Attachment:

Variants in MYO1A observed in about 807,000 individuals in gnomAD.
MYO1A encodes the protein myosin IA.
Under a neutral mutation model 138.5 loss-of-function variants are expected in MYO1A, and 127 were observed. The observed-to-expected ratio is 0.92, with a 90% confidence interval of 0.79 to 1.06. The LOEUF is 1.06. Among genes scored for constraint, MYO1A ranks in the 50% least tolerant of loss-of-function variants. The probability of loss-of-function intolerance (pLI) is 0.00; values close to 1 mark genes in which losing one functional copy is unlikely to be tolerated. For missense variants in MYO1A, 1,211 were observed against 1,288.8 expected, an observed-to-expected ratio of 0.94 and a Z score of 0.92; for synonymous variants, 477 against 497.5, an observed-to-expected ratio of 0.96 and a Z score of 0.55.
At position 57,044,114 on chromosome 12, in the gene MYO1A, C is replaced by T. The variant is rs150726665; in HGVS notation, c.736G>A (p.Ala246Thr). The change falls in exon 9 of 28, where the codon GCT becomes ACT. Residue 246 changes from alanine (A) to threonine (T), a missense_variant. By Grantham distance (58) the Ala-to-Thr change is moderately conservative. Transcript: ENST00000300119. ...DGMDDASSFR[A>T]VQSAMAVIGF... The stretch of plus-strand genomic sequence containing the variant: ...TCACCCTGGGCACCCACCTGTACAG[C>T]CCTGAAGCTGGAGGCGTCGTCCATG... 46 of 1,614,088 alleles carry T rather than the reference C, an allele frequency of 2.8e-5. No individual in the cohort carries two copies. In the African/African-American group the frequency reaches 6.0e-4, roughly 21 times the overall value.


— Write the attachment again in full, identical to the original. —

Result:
Variants in MYO1A observed in about 807,000 individuals in gnomAD.
MYO1A encodes the protein myosin IA.
Under a neutral mutation model 138.5 loss-of-function variants are expected in MYO1A, and 127 were observed. The observed-to-expected ratio is 0.92, with a 90% confidence interval of 0.79 to 1.06. The LOEUF is 1.06. Among genes scored for constraint, MYO1A ranks in the 50% least tolerant of loss-of-function variants. The probability of loss-of-function intolerance (pLI) is 0.00; values close to 1 mark genes in which losing one functional copy is unlikely to be tolerated. For missense variants in MYO1A, 1,211 were observed against 1,288.8 expected, an observed-to-expected ratio of 0.94 and a Z score of 0.92; for synonymous variants, 477 against 497.5, an observed-to-expected ratio of 0.96 and a Z score of 0.55.
At position 57,044,114 on chromosome 12, in the gene MYO1A, C is replaced by T. The variant is rs150726665; in HGVS notation, c.736G>A (p.Ala246Thr). The change falls in exon 9 of 28, where the codon GCT becomes ACT. Residue 246 changes from alanine (A) to threonine (T), a missense_variant. By Grantham distance (58) the Ala-to-Thr change is moderately conservative. Transcript: ENST00000300119. ...DGMDDASSFR[A>T]VQSAMAVIGF... The stretch of plus-strand genomic sequence containing the variant: ...TCACCCTGGGCACCCACCTGTACAG[C>T]CCTGAAGCTGGAGGCGTCGTCCATG... 46 of 1,614,088 alleles carry T rather than the reference C, an allele frequency of 2.8e-5. No individual in the cohort carries two copies. In the African/African-American group the frequency reaches 6.0e-4, roughly 21 times the overall value.